CNova is a beautiful venue; harbouring grand ghosts. The wide and stony staircases and dark panelling make sure the drama starts at the door and the circular balconies and dome ceiling finish the picture as you make the climb up to Studio 7. You can easily imagine an older world within these walls.
Jethro Compton is very accomplished writer and director. His work with Belt Up are among some of my most favourite pieces of theatre. The Boy James in particular still composes itself vividly in my memory, held more firmly by the presence of Steven Fry in the audience with us – we played ‘stuck in the mud’ together.
I have come to the opening night of Compton’s Wild West trilogy; The Frontier. A three-part story of gun metal, old enemies and blind preachers. Based on biblical tales, The Frontier Trilogy enlightens as much as it entertains.
In my opinion, these plays are the epitome of Edinburgh Fringe theatre and Compton’s approach to economic and sustainable productions is truly admirable. What we have here are three distinct plays, each working quite happily as stand-alone stories. However, I would bet a pound to a pinch of salt that if you were to go to one, you would clear your schedule to see the rest.
Compton writes with an unparalleled majesty, and how he crams so much into one hour is beyond me. The dialogue is pacey and engaging, growing on occasion to the borders of poetry. The longer sections of monologue are equally well crafted and packed with gravitas and primal imagery. Compton has done well to ensure that each word draws the listener further into the Western wilderness of the mid 1800s.
The composition of these three stories leaves nothing to be desired. It’s as if each play is conducted like the movement of some grander symphony; each with it’s own unique merit and tempo but truly appreciated in its entirety. Each instalment builds and lilts, crying fury waltzing along with threatening intimacy, building a delicious suspense that climaxes in a timely and explosive fashion in each episode.
There’s a devilish humour embedded in the texts, which feels totally at home amongst the violent parables. The plays are at once very dangerous and visceral, as well as being playful and charming.
The visual language is a well-balanced mix of theatrical and filmic convention. The trilogy is set within an old, dust-bowl chapel; The enveloping set, also designed by Compton, is fully realised down to the last, crooked nail. We are the congregation, sitting in pues on two sides of a traverse stage. I’ve been distracted in the past by this kind of arrangement, but my eyes were never once away from the action. It feels like we have stepped through the Silver Screen to be here; it’s a hot and dry immersion that never breaks.
This falls in no small part to the work of four superb actors. There is absolutely no weak link in this cast, they tell these stories of love, family and revenge with relish and a ferocious conviction. These are iconic characters they play; almost mythological, part archetypal and part original. They all require a rare stylishness and presence from the actor, and this cast make each one radiate. Chris Huntly-Turner as Father Manoah, holds dominion within his chapel with a tempered tyranny; at once reverent and volatile; carrying a shadowy past that is ever-present behind his sun-stained cassock. Father Manoah is the one link between the three stories, and Huntly-Turner cradles this responsibility expertly. Bebe Sanders plays three strong and treacherous characters through Fontier with fascinating detail, and is every bit as wild as The West. I particularly enjoyed Lily Davenport, the cut-throat prodigy who will stop at nothing to realise her father’s dream. Sanders commands the stage as the venomous Miss Lily, who is both callused and vulnerable. Jonathan Matthews again carries three characters with him and possess a rare and harrowing stillness. Matthews is a masterful performer, an ‘open book’ of an actor, and a joy to watch. I’d like to make special mention of Sam Donnelly, whose performances were spectacular. Donnelly switched from honest heroes to psychopathic villains with the same ease as you or I might change our socks. His characters were deep and fully realised, capturing the real pulp and style of the shows. Watch out for his Silas, who is probably the most satisfying baddie I have ever seen on stage.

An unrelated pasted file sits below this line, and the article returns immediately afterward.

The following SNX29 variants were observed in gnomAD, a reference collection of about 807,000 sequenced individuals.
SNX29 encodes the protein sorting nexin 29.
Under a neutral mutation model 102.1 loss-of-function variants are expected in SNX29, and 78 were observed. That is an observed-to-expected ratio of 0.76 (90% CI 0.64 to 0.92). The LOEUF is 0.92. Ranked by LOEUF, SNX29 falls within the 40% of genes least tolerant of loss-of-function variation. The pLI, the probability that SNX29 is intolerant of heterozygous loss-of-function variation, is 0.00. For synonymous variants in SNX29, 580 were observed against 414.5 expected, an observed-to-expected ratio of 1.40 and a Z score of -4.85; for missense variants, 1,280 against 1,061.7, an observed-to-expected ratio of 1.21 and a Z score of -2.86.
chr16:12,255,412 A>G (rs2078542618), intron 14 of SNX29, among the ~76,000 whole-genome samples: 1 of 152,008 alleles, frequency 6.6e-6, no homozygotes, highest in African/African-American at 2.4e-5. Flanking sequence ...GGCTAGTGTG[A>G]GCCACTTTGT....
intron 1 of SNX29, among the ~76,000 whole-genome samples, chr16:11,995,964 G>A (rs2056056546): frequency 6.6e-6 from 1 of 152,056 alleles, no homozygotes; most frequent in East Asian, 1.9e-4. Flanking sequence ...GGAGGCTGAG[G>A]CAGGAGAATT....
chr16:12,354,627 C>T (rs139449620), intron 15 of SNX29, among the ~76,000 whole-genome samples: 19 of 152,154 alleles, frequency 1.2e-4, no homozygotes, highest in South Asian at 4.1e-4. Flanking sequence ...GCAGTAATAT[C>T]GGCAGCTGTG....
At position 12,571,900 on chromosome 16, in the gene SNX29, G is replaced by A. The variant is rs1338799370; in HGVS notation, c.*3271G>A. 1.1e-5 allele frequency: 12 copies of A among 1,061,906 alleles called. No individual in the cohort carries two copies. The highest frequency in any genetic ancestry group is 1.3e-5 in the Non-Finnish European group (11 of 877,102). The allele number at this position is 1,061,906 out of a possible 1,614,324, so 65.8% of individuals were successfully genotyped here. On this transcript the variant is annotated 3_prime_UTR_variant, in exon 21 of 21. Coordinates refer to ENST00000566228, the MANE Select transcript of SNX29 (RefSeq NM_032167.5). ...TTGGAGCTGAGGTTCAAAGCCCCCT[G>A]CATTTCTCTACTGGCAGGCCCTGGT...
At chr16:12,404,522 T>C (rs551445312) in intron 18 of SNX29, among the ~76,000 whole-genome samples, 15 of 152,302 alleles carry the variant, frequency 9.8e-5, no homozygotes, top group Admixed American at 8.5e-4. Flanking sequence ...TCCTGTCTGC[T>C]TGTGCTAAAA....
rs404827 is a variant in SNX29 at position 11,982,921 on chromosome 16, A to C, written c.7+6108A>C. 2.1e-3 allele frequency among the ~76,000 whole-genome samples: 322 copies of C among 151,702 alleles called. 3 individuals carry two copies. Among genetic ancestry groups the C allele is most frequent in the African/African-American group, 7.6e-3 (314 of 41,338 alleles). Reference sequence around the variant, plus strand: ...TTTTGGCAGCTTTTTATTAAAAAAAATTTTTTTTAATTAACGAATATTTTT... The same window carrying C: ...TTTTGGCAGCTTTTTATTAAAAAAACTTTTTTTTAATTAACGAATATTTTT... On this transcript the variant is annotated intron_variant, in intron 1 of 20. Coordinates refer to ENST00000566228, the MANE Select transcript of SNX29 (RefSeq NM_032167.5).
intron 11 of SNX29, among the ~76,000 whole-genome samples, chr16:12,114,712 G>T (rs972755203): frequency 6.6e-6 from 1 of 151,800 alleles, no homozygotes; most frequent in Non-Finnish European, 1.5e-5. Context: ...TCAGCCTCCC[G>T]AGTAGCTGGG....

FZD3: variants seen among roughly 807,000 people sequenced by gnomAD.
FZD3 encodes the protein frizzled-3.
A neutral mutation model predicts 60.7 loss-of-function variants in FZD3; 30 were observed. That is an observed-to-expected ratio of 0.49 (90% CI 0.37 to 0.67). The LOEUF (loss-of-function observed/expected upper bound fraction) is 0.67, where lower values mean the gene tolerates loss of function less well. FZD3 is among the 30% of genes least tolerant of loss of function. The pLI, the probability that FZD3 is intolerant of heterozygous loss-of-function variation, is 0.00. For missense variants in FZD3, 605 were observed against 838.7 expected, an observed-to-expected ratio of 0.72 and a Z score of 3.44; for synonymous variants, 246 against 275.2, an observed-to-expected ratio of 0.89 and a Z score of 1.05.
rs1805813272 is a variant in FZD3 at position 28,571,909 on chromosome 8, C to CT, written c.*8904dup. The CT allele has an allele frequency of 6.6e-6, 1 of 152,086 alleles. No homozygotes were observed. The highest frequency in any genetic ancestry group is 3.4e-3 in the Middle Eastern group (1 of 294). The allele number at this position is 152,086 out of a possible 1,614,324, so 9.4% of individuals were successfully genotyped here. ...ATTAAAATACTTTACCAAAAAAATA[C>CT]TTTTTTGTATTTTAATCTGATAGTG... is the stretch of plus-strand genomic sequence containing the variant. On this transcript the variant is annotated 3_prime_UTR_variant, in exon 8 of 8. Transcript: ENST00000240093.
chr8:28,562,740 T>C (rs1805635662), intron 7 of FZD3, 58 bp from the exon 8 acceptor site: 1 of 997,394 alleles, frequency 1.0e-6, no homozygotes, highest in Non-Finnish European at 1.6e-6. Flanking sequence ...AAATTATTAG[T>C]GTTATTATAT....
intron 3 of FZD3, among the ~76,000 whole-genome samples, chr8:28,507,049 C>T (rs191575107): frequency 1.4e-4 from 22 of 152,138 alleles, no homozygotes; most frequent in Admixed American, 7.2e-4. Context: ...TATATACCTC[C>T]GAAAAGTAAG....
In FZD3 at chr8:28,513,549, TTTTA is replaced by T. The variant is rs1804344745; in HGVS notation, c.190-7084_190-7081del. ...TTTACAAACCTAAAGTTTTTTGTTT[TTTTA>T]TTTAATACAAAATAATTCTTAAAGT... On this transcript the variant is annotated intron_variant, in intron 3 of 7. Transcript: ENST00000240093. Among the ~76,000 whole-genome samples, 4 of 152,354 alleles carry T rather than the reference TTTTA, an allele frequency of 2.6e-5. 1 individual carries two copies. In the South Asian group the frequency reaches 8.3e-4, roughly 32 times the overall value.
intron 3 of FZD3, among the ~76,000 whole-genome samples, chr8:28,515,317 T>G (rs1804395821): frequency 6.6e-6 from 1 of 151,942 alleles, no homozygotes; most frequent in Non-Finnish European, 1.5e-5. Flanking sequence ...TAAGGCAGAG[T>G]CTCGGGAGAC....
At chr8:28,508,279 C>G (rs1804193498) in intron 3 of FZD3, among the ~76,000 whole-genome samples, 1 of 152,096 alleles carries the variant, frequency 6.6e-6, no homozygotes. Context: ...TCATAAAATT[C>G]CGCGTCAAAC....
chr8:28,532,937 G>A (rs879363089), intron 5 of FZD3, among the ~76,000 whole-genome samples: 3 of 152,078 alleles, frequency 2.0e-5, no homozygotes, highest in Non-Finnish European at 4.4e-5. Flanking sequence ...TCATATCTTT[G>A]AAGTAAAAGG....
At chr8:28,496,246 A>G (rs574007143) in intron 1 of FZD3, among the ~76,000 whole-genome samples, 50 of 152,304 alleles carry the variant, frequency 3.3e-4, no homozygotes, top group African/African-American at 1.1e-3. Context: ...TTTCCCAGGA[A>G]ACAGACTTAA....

The lighting and sound design for the three shows are expertly simple and employed more as a means of creating the world beyond the walls of the chapel. the speakers are hidden and the muffling from the wooden set adds to the overall believability of the soundscaping, providing an oddly effective clarity to the charging horses and encroaching steam engines. They also use a small array of live songs to gently cover the few scene changes in the final show, The Rattlesnake’s Kiss; voices are clear and strong, and the songs contribute to the storytelling nicely.
You have to tip your cap to the monopoly that Compton and his team have created; Frontier is an iconic franchise that is deeply satisfying to buy into. The Frontier Trilogy is all style and all substance; an excellent way to spend one hour, or three, according to your whims.
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